Innovation in fabrics brought about by originality and creativity are bringing new textile ideas to life. Revolutionary textiles merging traditional textiles with new technology are changing the fashion industry. These ground-breaking innovations are now called functional fabric, smart clothing and textile devices. Revolutionary textiles are collaborative efforts of material scientist, software developers, electrical engineers, textile manufacturers and fashion designers. The merger of traditional textile materials with nano-technology and the Internet of Things are creating the new frontier in the clothing industry. Revolutionary textiles incorporate variety of materials including food, animals, metals, wood, ceramics, fiberglass, crude oil and bottles as fibre elements. These innovative fabrics can be used for practical purposes such as safety, protection and as a fashion statement.
Eco Milk Fiber (QMilch)
Anke Domaske used milk not suitable for human consumption to produce a textile fibre similar to silk but less expensive. This renewable fibre is durable and has antibacterial properties. It has an excellent heat and moisture management; fabrics provide high wearing comfort and silky feel. Eco milk fibre can be used for clothing, medical, automotive, home textiles.
S.Cafe is an innovative fibre that uses recycled coffee grinds. This composite fibre can be made into a yarn and turned into woven fabric. The fabrics provide excellent odour control, UV protection and fast drying benefits. Coffee grinds requires less energy in the fibre making process and more eco-friendly than traditional fabrics. Big apparel brands like Puma, Timberland and North Face are using it.
CRAiLAR is an “organically certified fibre” which was named as 100% BioPreferred product by the USDA. The extracted fibre is spun into yarn or formed into non-woven products. The flax fibre is similar to cotton in softness and durability.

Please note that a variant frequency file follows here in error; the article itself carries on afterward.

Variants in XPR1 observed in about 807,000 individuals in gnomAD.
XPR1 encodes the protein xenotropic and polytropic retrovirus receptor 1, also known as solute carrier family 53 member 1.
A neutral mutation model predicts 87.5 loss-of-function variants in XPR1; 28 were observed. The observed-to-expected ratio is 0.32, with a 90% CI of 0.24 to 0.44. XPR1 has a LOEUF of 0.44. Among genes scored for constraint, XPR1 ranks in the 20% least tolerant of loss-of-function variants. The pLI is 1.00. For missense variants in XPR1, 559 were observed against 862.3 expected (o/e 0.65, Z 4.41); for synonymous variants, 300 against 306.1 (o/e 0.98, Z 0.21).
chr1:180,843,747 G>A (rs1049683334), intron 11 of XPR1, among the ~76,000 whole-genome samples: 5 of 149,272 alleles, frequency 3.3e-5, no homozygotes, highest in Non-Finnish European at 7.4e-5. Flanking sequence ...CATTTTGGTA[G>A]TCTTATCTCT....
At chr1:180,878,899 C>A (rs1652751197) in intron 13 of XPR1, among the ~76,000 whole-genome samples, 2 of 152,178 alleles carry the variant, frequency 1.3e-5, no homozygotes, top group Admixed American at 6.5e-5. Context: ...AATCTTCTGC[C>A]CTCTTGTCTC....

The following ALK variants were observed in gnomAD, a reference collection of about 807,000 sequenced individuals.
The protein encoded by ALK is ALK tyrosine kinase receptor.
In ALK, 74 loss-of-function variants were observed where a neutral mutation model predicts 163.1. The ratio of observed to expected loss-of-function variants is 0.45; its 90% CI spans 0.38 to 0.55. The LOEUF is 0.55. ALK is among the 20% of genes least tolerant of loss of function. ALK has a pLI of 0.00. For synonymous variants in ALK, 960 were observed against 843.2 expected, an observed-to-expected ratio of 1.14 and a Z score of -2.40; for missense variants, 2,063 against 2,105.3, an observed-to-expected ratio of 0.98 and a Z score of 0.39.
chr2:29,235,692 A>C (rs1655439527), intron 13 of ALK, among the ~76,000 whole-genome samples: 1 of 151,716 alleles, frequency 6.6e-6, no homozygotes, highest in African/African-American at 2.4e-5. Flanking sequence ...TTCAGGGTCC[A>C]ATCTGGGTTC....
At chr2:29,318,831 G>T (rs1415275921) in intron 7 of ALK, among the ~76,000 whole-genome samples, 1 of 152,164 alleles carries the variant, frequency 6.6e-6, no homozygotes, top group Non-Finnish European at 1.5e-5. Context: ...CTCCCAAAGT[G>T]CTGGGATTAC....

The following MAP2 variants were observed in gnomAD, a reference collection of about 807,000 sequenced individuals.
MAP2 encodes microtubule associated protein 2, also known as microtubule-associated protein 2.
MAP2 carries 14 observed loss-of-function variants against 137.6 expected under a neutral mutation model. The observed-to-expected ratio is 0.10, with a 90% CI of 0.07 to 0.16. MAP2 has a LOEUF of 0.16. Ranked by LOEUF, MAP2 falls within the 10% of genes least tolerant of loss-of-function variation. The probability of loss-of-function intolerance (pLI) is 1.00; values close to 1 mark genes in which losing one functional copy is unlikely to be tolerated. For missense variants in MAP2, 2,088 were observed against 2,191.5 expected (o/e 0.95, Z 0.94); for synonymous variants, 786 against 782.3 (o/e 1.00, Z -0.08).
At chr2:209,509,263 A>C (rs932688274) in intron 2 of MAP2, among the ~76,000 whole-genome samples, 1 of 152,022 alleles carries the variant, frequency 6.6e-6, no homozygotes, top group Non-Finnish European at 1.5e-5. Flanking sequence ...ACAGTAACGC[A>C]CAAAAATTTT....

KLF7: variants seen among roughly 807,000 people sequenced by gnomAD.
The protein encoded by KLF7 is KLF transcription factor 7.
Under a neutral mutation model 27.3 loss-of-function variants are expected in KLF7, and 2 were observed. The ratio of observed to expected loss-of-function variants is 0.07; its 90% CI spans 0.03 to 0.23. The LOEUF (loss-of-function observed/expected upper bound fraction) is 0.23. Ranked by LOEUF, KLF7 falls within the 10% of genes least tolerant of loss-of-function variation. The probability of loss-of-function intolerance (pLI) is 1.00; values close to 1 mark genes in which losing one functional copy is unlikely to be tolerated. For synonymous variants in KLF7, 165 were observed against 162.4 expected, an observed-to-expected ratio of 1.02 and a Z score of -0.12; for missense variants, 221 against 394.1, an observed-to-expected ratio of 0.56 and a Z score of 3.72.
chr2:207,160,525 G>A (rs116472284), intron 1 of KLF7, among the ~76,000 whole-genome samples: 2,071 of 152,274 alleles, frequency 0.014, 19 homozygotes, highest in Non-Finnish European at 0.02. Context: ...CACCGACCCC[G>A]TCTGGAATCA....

Technofibre are recycled synthetic fibres from textile wastes. These include nylon, polyamide, polyester, elastomer or acrylic used by textile, manufacturers and laboratories to produce consumer goods such as socks, knitwear, calico bags and clothing in general. The recycling process allows the waste from synthetic fibres to be recycled and used for a new production process.
EcoCircle Plant Fiber
Eco Circle Plantfiber is bio-polyester that is 30% sugarcane biofuel-based. The bio-polyester offers the same characteristics and quality of oil-derived polyester. This plant fibre can be used to make apparel, car seats and personal hygiene products. Bio-polyester is now used by the car manufacturer Nissan for its interior seats, headrests and centre armrest.
Evrnu uses technology that creates a regenerative supply of high-quality, bio-based fibre through the renewal of cotton garment waste. By recycling cotton garment waste they were able to create renewable fibre. It creates fabrics using minimal virgin resources and generates no waste. Evrnu transform discarded garments into beautiful fibres and provide a solution to the problem of textile waste.
Recycled nylon comes from post-industrial waste fibre, yarn collected from a spinning factory, and waste from the weaving mills are processed into reusable nylon fibre. The use of this fibre lessens our dependence on petroleum as a source of raw materials. Recycled nylon fibres are suitable for apparel and car upholstery.